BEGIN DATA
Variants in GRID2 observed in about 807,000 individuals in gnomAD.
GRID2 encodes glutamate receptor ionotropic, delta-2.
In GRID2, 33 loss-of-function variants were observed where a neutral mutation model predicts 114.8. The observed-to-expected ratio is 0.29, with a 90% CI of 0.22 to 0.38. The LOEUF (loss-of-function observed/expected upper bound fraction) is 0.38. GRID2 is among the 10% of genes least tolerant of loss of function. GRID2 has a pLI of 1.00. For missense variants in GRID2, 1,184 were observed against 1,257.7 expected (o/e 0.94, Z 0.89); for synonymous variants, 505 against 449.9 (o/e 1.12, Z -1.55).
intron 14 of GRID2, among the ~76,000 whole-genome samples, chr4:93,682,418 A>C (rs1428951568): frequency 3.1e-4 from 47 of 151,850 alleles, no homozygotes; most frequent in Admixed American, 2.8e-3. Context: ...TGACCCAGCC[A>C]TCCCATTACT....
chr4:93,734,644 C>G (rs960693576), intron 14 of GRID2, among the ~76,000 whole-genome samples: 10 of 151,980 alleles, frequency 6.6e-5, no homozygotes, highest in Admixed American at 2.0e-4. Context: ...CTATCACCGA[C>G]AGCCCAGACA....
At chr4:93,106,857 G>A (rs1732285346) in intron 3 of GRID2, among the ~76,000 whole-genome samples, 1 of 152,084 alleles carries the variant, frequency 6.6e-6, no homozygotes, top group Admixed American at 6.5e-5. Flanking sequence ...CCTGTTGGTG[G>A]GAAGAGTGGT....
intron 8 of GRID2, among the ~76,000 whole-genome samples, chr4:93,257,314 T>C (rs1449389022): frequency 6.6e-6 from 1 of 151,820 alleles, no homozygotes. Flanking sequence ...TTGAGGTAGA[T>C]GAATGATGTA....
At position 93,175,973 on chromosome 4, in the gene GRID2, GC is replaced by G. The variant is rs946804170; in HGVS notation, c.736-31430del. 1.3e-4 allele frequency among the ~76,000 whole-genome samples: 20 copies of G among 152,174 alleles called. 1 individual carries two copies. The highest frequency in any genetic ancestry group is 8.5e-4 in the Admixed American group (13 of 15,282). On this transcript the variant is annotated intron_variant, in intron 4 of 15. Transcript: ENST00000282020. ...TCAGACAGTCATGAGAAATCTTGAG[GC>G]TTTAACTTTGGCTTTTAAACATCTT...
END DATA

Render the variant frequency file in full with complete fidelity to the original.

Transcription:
Variants in GRID2 observed in about 807,000 individuals in gnomAD.
GRID2 encodes glutamate receptor ionotropic, delta-2.
In GRID2, 33 loss-of-function variants were observed where a neutral mutation model predicts 114.8. The observed-to-expected ratio is 0.29, with a 90% CI of 0.22 to 0.38. The LOEUF (loss-of-function observed/expected upper bound fraction) is 0.38. GRID2 is among the 10% of genes least tolerant of loss of function. GRID2 has a pLI of 1.00. For missense variants in GRID2, 1,184 were observed against 1,257.7 expected (o/e 0.94, Z 0.89); for synonymous variants, 505 against 449.9 (o/e 1.12, Z -1.55).
intron 14 of GRID2, among the ~76,000 whole-genome samples, chr4:93,682,418 A>C (rs1428951568): frequency 3.1e-4 from 47 of 151,850 alleles, no homozygotes; most frequent in Admixed American, 2.8e-3. Context: ...TGACCCAGCC[A>C]TCCCATTACT....
chr4:93,734,644 C>G (rs960693576), intron 14 of GRID2, among the ~76,000 whole-genome samples: 10 of 151,980 alleles, frequency 6.6e-5, no homozygotes, highest in Admixed American at 2.0e-4. Context: ...CTATCACCGA[C>G]AGCCCAGACA....
At chr4:93,106,857 G>A (rs1732285346) in intron 3 of GRID2, among the ~76,000 whole-genome samples, 1 of 152,084 alleles carries the variant, frequency 6.6e-6, no homozygotes, top group Admixed American at 6.5e-5. Flanking sequence ...CCTGTTGGTG[G>A]GAAGAGTGGT....
intron 8 of GRID2, among the ~76,000 whole-genome samples, chr4:93,257,314 T>C (rs1449389022): frequency 6.6e-6 from 1 of 151,820 alleles, no homozygotes. Flanking sequence ...TTGAGGTAGA[T>C]GAATGATGTA....
At position 93,175,973 on chromosome 4, in the gene GRID2, GC is replaced by G. The variant is rs946804170; in HGVS notation, c.736-31430del. 1.3e-4 allele frequency among the ~76,000 whole-genome samples: 20 copies of G among 152,174 alleles called. 1 individual carries two copies. The highest frequency in any genetic ancestry group is 8.5e-4 in the Admixed American group (13 of 15,282). On this transcript the variant is annotated intron_variant, in intron 4 of 15. Transcript: ENST00000282020. ...TCAGACAGTCATGAGAAATCTTGAG[GC>G]TTTAACTTTGGCTTTTAAACATCTT...